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Inside The FOLD: Marist College's Game-Changing Online Learning Domain
A Q&A featuring 2014 CT Innovator award recipients Radley Cramer and Melissa Halvorson
Fashion, long recognized as a discipline driven by change, was among the first academic program areas challenged by Marist College's President Dennis Murray and its board of trustees to begin to develop game-changing, cutting-edge education applications for the institution's Academic Community Cloud (ACC).
The resulting vision was The FOLD (Fashion Online Learning Domain), an online interactive space and collaboration environment to engage students, industry participants, and the global fashion community at large in exploring the fashion discipline and real-world trends.
Students developed and maintain The Fold's Web site, many of its MOOC offerings, and its growing international community. The foundation technology is the college's Academic Community Cloud (ACC). Open source software from Apereo (http://www.apereo.org), Sakai and the Open Academic Environment (OAE), are the two key technology components powering The FOLD's collaboration and interactive elements.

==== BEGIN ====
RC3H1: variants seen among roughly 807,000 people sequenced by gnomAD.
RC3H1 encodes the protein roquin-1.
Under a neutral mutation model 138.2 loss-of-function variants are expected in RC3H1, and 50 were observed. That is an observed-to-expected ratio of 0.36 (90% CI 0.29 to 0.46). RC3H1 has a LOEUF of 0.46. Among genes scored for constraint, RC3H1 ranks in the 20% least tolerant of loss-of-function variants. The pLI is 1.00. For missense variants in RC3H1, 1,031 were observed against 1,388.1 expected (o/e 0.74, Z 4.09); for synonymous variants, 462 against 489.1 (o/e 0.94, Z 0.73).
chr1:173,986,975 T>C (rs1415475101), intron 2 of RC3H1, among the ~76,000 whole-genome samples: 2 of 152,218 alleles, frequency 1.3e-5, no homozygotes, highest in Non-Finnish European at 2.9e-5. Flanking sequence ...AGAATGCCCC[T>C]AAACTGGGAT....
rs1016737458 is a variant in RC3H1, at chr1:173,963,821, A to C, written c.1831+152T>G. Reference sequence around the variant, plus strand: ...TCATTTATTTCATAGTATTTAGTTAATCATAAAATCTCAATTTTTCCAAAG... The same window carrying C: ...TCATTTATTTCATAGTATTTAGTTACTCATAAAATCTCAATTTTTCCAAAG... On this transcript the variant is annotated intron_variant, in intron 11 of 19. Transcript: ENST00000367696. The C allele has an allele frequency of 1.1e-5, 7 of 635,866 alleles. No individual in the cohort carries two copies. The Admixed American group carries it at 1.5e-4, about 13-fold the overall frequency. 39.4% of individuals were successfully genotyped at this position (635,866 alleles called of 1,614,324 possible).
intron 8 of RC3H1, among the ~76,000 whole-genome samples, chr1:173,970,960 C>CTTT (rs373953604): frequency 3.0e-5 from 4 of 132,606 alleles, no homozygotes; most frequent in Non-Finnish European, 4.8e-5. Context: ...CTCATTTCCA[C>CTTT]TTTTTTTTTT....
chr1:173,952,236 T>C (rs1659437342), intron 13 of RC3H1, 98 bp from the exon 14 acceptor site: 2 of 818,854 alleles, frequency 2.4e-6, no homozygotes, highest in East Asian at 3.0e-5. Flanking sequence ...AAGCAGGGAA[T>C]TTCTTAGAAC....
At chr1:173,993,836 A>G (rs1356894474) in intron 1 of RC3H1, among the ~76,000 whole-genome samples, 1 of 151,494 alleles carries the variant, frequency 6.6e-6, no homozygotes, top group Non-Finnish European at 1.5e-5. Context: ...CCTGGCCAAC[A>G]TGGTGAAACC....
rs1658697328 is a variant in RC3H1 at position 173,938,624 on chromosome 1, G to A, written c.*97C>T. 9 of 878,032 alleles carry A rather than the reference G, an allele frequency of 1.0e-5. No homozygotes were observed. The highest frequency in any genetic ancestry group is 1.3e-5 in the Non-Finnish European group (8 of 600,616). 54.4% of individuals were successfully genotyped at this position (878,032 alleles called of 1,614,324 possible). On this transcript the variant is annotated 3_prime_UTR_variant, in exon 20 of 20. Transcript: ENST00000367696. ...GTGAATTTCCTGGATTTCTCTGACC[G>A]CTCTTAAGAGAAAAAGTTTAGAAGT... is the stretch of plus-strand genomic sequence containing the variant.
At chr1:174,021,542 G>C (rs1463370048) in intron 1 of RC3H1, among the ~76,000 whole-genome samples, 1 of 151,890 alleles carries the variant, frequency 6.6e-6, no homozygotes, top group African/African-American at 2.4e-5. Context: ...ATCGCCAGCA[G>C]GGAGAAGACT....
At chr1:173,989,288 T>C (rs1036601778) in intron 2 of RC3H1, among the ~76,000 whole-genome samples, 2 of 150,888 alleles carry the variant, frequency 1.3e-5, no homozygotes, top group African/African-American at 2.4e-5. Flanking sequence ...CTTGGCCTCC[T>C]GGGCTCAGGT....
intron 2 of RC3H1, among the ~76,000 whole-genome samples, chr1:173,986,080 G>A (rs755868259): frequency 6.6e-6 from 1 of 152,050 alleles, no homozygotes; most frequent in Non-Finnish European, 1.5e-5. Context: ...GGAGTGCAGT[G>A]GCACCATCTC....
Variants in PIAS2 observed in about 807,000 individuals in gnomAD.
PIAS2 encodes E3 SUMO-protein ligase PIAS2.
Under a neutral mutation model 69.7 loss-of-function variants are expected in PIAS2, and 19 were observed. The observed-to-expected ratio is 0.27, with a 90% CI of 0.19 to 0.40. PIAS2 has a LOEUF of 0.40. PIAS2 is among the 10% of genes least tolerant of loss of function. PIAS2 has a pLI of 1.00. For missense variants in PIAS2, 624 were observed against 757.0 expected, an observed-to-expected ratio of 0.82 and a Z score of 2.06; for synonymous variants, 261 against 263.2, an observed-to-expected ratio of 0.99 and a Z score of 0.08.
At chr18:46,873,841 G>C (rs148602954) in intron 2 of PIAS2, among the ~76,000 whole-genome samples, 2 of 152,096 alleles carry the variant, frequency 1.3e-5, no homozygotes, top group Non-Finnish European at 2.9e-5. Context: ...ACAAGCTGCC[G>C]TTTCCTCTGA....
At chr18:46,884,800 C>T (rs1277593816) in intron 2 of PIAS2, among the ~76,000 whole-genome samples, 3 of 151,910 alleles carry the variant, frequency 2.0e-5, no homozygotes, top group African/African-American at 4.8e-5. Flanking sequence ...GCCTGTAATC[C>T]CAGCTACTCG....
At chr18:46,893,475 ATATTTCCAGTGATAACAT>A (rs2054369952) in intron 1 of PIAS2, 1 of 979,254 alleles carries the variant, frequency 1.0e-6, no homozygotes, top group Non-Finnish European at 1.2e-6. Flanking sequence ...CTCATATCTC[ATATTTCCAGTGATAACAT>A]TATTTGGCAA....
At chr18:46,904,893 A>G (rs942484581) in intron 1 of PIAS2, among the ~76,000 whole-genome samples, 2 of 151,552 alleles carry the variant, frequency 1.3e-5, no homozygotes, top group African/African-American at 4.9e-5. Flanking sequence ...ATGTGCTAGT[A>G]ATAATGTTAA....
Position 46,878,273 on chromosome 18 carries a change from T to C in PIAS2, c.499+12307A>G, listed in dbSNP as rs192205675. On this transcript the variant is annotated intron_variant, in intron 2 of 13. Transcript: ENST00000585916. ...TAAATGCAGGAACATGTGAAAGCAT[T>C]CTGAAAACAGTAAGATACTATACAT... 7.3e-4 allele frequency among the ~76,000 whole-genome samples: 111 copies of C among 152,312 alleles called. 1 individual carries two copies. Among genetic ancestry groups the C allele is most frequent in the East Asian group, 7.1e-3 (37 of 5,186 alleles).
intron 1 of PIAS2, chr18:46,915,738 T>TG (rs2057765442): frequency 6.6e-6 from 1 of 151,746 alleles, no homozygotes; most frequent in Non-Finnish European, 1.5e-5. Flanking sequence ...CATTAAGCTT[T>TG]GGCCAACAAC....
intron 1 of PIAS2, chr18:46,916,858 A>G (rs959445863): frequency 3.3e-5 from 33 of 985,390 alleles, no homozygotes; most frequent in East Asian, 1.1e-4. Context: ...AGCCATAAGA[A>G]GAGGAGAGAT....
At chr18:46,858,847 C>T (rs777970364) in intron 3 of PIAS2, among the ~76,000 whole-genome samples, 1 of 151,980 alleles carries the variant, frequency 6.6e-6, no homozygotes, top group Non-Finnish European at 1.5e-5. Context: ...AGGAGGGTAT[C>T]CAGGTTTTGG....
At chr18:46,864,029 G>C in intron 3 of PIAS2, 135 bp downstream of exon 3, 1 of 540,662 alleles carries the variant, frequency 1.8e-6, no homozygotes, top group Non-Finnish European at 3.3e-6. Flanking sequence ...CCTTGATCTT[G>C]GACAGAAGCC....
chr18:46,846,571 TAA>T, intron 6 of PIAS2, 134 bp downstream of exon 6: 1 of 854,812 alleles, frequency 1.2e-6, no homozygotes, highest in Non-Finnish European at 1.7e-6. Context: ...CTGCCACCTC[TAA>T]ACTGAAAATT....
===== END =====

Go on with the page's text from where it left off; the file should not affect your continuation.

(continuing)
The technology environment both promotes online interaction and allows easier collaboration on the ground, among teachers and learners. The sharing of documents, images, and other forms of information is enhanced for local, face-to-face exchanges as well as far-flung international collaborations.
CT asked faculty leads Radley Cramer, Fashion Program Director and Melissa Halvorson, Visiting Professional Lecturer about The FOLD's ongoing development.
Mary Grush: The FOLD seems to be growing quickly, as a vibrant community with both MOOCs and various spaces for interaction. What are the main functional components, from a user's point of view, of The FOLD at this point? Some people talk about three areas…
Melissa Halvorson: First, we have a menu of faculty and student developed MOOCs that we hope to add to on a continuing basis. Second, we have access to the OAE (Open Academic Environment), which serves as a place where people can commune and share resources and ideas, and have discussions. And the third area is global trend studies. As far as the landing page — or the Web site — is concerned, this is what we see as the portal to get to these locations.
Grush: In terms of content, one of the focus areas we hear about is the tracking of street trends. Is there a lot of interest in the fashion community for posting street trends?
Halvorson: People worldwide have posted street trends. At this point, most of them are students who are traveling abroad. But this is an area where we can build community further, and it provides a means to communicate the global reach of fashion — and of Marist's Fashion Program.